This week, we’re sharing stories from Lawrence Wright, April Wolfe, Mayukh Sen, Dan Jackson, and Ben Kuchera.
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Lawrence Wright | The New Yorker | July 10, 2017 | 76 minutes (19,000 words)
Lawrence Wright, who has lived in Texas for most of his life, explains how the state’s deliberate shift from blue to red, to an extreme red, relied on a calculated series of political moves over the last twenty years that are best seen with the long lens of history.
April Wolfe | LA Weekly | July 11, 2017 | 17 minutes (4,253 words)
Rape in film is difficult enough to deal with as a viewer — but what about the actors who have to physically endure the portrayal, or the directors and film editors who spend countless hours re-watching the footage?
Mayukh Sen | Food52 | July 5, 2017 | 8 minutes (2,122 words)
While being punished by a cruel sexist practice in West Bengal, the Indian widows considered “husband-eaters” created a rich cuisine made without meat, onions, fish or garlic. Writer Mayukh Sen honors these creative women through the story of great-grandmother, a widow at 37.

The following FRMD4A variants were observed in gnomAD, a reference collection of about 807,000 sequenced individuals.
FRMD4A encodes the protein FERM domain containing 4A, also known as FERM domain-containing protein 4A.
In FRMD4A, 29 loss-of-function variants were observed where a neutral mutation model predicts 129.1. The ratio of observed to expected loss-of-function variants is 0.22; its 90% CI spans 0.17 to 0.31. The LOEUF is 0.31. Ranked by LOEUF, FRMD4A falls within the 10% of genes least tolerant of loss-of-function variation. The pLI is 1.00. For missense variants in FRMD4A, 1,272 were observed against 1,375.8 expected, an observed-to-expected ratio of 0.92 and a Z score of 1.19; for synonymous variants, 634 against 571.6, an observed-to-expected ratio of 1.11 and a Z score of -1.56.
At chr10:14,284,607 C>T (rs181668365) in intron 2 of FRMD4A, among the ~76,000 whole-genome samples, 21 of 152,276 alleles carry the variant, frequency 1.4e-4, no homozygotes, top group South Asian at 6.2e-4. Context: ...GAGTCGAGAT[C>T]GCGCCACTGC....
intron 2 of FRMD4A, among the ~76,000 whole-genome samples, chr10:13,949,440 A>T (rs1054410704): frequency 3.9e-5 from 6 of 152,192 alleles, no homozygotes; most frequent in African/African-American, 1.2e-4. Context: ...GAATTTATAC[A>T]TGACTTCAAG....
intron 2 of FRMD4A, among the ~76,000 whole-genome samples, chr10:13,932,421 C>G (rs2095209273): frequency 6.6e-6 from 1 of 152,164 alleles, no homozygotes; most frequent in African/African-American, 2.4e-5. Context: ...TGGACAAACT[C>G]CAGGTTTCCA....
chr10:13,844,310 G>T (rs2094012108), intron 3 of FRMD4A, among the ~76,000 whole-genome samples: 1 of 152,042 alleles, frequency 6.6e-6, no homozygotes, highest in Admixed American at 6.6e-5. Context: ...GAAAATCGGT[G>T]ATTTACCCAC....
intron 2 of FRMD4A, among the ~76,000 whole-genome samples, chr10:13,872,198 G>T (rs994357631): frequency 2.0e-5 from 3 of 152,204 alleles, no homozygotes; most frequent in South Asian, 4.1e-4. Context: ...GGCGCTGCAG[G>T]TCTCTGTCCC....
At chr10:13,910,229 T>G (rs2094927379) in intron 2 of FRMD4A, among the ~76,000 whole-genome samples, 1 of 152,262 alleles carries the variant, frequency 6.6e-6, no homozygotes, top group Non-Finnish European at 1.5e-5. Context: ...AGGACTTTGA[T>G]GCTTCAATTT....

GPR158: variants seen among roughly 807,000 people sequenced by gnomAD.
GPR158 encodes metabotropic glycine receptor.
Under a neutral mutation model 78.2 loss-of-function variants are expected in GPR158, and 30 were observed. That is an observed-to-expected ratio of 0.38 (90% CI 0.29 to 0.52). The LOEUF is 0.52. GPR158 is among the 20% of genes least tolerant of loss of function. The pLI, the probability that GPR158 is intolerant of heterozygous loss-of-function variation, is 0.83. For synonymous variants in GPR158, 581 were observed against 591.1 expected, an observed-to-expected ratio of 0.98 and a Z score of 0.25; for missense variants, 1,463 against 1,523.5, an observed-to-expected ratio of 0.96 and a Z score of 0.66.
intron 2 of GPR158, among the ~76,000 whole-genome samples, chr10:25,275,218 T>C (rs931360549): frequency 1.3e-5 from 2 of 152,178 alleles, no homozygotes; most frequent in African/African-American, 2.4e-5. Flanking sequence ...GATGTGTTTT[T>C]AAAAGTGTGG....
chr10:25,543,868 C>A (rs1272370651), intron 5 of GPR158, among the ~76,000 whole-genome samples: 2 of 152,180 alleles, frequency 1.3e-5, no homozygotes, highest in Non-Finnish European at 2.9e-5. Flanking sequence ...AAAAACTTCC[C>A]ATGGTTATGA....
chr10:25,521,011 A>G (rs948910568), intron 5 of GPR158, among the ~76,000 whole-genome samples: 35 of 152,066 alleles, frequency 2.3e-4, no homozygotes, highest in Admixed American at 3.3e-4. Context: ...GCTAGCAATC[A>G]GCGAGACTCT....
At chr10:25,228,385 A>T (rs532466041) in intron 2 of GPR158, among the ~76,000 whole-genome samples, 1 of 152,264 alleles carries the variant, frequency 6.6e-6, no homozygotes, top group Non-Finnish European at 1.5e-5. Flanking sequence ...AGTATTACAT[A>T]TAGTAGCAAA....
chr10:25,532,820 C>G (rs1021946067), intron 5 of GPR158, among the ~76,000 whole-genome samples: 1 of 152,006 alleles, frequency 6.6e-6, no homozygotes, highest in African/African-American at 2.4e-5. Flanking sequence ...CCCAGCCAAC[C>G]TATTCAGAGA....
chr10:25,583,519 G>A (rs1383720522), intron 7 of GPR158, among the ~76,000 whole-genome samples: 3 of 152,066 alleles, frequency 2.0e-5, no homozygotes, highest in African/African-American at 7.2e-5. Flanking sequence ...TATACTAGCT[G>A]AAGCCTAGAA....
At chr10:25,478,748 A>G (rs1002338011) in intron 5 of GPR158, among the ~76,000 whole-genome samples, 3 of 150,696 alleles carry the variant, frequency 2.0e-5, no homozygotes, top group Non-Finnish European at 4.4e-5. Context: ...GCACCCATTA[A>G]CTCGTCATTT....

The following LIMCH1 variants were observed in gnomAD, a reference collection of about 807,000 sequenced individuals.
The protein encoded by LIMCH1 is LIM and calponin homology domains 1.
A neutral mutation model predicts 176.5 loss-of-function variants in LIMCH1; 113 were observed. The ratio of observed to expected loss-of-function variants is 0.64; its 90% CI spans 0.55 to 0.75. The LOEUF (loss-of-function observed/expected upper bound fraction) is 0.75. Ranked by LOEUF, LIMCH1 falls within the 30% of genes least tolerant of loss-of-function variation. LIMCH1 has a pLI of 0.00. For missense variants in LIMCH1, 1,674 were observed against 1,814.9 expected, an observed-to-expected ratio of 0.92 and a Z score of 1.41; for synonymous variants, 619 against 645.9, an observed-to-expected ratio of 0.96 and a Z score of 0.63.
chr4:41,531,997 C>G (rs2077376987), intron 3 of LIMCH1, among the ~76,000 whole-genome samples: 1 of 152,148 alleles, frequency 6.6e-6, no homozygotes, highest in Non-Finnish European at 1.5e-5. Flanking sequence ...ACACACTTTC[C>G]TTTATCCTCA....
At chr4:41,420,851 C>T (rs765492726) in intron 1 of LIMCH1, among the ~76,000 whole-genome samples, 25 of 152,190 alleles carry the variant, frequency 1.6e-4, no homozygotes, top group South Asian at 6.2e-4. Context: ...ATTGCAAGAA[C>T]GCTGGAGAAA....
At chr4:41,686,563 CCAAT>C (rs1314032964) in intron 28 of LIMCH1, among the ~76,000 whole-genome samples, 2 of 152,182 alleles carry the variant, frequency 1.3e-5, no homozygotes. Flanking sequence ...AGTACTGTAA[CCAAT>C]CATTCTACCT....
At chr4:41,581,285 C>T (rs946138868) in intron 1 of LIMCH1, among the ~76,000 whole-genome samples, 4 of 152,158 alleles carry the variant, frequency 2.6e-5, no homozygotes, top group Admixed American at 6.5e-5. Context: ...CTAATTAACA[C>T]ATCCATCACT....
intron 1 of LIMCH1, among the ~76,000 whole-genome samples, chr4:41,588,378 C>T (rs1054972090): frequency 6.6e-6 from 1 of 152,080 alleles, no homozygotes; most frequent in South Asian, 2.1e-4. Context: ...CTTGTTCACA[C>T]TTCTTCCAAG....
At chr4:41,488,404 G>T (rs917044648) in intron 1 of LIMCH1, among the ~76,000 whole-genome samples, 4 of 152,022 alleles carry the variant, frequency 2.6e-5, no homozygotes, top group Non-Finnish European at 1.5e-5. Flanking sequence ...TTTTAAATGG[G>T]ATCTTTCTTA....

Dan Jackson | Thrillist | July 7, 2017 | 13 minutes (3,367 words)
In 2006, Netflix launched a competition to increase the efficiency of its recommender system by 10 percent, bringing together a ragtag group of engineers from around the world who helped make large strides in the fields of artificial intelligence and machine learning.
Ben Kuchera | Polygon | July 12, 2017 | 7 minutes (1,804 words)
After a series of painful losses, Ben Kuchera learns that when your games become your ghosts, it’s time to clean house.